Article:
For those interested in the history of the Macintosh and GUI design in general, the linked articles are incredibly interesting.
Saturday, May 30, 2015
Friday, May 22, 2015
If Project Ara doesn't start shipping product soon, they may find themselves playing catch-up to this group, that is providing many of the same capabilities via a USB-attached case for already-shipping smart phones
For those who haven't heard of this before, Project Ara is an R&D project for a modular cell phone.
What this means is that instead of getting one large "brick" with all the features, you get an "endoskeleton" frame into which you can attach various modules. For example, a screen (clearly necessary to have one of these), battery, camera, speaker, microphone, processor, memory, NFC transceiver, cellular transceiver, Wi-Fi, etc.
Tuesday, May 19, 2015
I saw a link to this stuff today, but I've never heard of it before. Looks pretty interesting. Looks like it has the potential to be the next great repair goop, along with duct tape and superglue.
If you've had personal experience with this, let me know. I'd be really curious to read something more than the manufacturer's own ads.
Wednesday, May 13, 2015
This is pretty impressive. I don't think I'm going to want to put my own to the test (if and when I decide to buy one), but this does show that there should be absolutely no problem wearing it in the rain, or at a water park.
The beach may be problematic, but due to possibility of salt and sand getting under the crown, not due to water.
Still, it is worth noting that when Consumer Reports tested the Apple Watch, that one out of 4 samples failed a 24-hour submersion test:
We set our depth-test chamber to match the water-resistance specification claimed by each smartwatch manufacturer. We submerge the watches, then check them for proper functionality immediately upon removal from the chamber, then again 24 hours later. The stainless-steel Apple Watch passed the test on the first try. The first aluminum Apple Watch Sport we put through our immersion test seemed fine when we took it out of the tank, but we experienced problems with it 24 hours later. We then tried two more samples, which showed no problems, so the Apple Watch Sport passed our water-resistance test.The failure may have been a manufacturing defect, but defect or not, you probably won't get a Warranty replacement if it fails after being submerged in water, because the water-resistance rating Apple is publishing only promises 30 minutes at 1m depth. I'll be interested to read the reports when, in the future, some people try for warranty replacement after submersion in water for longer than 30 minutes or at a depth greater than 1m.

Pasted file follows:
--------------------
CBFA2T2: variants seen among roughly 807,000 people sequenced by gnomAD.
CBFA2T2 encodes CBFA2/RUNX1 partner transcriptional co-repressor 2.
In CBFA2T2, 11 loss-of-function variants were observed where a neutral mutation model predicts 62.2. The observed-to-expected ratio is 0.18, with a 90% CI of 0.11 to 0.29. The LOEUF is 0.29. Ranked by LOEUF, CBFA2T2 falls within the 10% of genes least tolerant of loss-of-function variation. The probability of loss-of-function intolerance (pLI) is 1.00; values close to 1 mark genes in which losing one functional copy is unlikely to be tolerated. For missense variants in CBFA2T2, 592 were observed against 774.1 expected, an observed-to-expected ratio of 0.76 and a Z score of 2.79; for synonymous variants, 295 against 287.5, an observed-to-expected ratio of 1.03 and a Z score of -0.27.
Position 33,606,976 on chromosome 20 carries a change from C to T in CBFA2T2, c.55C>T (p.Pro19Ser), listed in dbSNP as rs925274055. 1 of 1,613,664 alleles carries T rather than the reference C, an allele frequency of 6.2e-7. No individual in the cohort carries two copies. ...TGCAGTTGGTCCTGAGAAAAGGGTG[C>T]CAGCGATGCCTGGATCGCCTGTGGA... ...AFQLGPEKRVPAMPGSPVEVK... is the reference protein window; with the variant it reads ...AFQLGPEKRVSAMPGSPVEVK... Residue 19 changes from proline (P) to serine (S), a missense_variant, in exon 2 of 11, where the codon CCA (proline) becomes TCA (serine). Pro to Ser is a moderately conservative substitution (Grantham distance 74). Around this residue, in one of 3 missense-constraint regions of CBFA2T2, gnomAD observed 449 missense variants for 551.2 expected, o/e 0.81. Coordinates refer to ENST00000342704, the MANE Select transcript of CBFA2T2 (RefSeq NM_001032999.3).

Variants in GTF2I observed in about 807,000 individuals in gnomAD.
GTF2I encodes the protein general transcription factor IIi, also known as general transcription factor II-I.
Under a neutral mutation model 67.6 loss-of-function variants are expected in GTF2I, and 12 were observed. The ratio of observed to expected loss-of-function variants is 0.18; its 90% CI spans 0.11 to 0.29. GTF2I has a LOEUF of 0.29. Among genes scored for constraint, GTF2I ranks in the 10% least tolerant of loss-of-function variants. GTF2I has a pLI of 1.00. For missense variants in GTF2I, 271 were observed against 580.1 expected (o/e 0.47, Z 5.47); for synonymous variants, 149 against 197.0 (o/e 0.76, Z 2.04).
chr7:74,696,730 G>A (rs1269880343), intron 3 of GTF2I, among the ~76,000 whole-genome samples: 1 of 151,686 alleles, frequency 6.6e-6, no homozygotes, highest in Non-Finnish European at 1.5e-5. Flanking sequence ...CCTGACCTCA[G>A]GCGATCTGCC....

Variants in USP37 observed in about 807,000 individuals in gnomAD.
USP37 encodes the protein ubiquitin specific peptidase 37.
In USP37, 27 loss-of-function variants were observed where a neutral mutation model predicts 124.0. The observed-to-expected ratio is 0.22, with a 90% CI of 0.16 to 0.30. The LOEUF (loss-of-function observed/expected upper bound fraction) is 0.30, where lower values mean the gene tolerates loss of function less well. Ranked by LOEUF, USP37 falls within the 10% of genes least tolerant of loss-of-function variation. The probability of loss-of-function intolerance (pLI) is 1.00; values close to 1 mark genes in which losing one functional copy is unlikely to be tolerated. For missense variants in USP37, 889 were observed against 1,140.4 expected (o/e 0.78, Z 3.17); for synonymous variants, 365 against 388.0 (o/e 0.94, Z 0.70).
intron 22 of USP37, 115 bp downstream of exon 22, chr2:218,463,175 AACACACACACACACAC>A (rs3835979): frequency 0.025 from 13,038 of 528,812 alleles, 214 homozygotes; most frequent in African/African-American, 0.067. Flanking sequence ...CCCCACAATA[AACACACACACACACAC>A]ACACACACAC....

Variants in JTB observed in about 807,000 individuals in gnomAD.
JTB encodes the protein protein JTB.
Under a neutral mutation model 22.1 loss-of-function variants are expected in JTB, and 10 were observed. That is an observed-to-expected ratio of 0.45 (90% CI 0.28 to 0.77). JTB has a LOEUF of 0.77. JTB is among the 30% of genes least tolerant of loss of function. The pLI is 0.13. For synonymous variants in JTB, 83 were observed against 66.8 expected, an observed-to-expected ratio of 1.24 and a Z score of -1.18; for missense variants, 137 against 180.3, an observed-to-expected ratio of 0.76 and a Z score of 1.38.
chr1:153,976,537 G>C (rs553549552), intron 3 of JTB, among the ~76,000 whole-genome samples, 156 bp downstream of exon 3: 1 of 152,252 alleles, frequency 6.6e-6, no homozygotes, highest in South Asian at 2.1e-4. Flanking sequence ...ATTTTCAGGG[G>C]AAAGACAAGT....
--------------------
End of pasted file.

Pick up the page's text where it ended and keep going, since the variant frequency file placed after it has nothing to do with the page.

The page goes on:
Monday, May 11, 2015
Click through to the full article.
I don't personally have a problem with a Chinese restaurant that is not owned and operated by a Chinese person, but their (or their marketing consultant's) decision to generate a Chinese logo using the wrong text is just unforgivable. Google Translate is not a suitable source for things like this, and nobody who actually reads/writes Chinese would make a mistake like this.
Saturday, May 09, 2015
So, for my home LAN, I use consumer gear like everybody else. Right now, this consists of a Zoom cable-modem/router, two Linksys routers in bridge mode (acting as Wi-Fi access points), and three powerline network adapters to connect them all.